The case for plug-in hybrid powertrains can seem quite compelling - or at least it would be if this technology was more affordable. In the case of the DS 7 E-TENSE, it adds around £10,000 to the cost of an equivalent BlueHDi diesel model, a not insignificant premium. Though when you get right down to it, the cost of this car isn't actually very much higher than Peugeot is asking for the directly equivalent version of its Hybrid 4WD 3008. To be specific, prices for the DS 7 E-TENSE 4x4 300 start from around £50,000, a sum which buys you the most affordable 'Performance Line' variant. There's a more affordable 2WD E-TENSE 225 version available for around £5,000 less. These figures are roughly in line with what you'd pay for direct competitors like Audi's Q5 TFSIe and the Volvo XC60 Recharge T8. All versions of this model get big 19-inch wheels and 'DS Active LED Vision' headlamps that adapt to road conditions and feature high beam assist. Inside, also standard are the two large cockpit screens - the 12.3-inch virtual instrument cluster and the 12-inch centre-dash infotainment screen that incorporates voice recognition and 'DS Connect Navigation'. Amongst other things, mid-range models get the clever 'DS Active Scan' suspension system. And an upgraded 'Rivoli' trimming package that uses premium quilted Nappa leather and diamond-shaped decorative features. This top 'Ultra Prestige' variant features a special 'Opera' interior trimming package with a stitched leather dash, a panoramic glass roof, a premium FOCAL HiFi system and larger 20-inch wheels.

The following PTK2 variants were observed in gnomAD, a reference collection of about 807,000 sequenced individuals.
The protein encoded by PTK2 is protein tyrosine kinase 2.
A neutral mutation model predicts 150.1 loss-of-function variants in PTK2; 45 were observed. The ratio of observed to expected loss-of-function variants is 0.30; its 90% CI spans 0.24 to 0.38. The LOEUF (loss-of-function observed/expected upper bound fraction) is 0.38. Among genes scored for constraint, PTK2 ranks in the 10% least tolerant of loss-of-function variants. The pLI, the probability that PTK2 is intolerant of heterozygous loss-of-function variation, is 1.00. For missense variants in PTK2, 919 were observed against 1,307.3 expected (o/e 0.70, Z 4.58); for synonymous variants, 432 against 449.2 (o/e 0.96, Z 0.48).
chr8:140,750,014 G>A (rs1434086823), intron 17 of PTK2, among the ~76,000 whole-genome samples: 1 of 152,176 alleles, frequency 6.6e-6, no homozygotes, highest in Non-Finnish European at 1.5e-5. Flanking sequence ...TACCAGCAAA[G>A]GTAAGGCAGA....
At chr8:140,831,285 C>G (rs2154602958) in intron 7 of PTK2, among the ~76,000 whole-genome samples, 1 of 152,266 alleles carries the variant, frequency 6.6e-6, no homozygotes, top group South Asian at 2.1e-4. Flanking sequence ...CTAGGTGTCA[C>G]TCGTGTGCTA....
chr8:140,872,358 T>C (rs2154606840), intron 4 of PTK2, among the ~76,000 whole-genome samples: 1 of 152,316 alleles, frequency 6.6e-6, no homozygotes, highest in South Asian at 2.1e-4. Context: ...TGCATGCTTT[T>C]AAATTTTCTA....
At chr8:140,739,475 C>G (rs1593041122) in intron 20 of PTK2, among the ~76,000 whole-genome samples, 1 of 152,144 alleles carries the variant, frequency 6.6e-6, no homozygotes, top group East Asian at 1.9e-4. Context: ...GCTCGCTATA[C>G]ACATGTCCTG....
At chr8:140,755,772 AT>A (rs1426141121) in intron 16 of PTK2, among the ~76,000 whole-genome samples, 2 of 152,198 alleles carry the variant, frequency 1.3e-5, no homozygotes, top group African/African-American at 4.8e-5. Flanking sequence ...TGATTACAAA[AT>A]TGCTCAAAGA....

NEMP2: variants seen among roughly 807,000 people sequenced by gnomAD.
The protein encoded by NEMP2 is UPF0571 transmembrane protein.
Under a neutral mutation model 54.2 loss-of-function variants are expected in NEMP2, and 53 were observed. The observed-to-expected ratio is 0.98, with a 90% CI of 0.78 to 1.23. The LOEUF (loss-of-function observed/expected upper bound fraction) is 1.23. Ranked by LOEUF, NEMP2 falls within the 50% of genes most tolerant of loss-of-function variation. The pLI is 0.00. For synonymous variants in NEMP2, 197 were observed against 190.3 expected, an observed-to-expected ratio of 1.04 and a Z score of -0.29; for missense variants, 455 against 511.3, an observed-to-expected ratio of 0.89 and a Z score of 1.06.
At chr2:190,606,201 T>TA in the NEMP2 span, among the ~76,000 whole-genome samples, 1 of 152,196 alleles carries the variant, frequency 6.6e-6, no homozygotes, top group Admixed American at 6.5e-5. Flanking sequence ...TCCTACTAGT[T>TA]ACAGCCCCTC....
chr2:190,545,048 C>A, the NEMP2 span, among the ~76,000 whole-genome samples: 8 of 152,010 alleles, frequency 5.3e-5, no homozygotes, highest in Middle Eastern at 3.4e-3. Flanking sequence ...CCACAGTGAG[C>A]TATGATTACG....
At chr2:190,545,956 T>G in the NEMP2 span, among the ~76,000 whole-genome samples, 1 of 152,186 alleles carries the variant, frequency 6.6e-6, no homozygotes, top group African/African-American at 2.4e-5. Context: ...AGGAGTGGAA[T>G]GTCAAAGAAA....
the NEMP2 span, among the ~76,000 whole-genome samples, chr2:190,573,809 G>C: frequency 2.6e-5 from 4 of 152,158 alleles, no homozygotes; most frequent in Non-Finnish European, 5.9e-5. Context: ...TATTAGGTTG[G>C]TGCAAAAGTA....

As with rival plug-in models in this segment, the efficiency figures here are certainly eye-catching. There's a 40 mile WLTP-rated electrified driving range. The WLTP mixed fuel consumption figure is rated at 128mpg. And the WLTP CO2 reading is 33g/km. The DS engineers reckon that even running the car in its more usual 'Hybrid mode' (whether the engine and the battery work together) you should still average under 50g/km. All of this assumes you keep the car fully charged. If you drift into using it just in petrol-powered form, your returns will drop like a stone. But let's assume you're fully bought into making full use of the electrified tech. On the move, energy is regenerated whenever the driver decelerates or uses the brakes, which extends the battery range. Another function, 'E-SAVE', also allows the driver to save enough energy to drive in all-electric mode for the last 6 or 12 miles of a journey. The map on the centre-dash touchscreen shows to the driver in real time the distance which can be driven in the car's all-electric 'Zero emission' mode or where charging stations are available nearby. This E-TENSE model's battery can be charged in two hours using a 32-amp wall-mounted terminal with a 6.6 kW charger; or in 8-hours with a traditional 3-pin domestic socket. What else? Well, a little annoyingly, the fuel tank is 20-litres smaller than it is in a conventionally-engined DS 7: blame battery packaging for that. Still, enjoy the tech. Through a provided 'MyDS' app, you can programme or switch on charging and follow your car's state of charge on your smartphone. The warranty is an unremarkable three year/60,000-mile package.
This car will be vanishingly rare. But then so are its direct competitors from Volvo and Audi. Perhaps incredibly, we're still some way from the financial tipping point that sees plug-in petrol engines make more sense than smoky diesels. Which is a pity because cars like this ought to be selling in greater numbers by now. Governments should be incentivising them. And manufacturers should by now have worked out a way to produce the technology more cheaply. But none of this has yet been sorted, so we are where we are. And where we are in this case is in a slightly different space than that occupied by competitor models from Audi and Volvo in this segment. The DS 7 E-TENSE has a more distinctive feel than those cars. Not one that'll suit everyone, but if you're sold into plug-in tech, want a luxury 'D'-segment SUV and likely the thought of something a little different, then this is where you might like to start your search.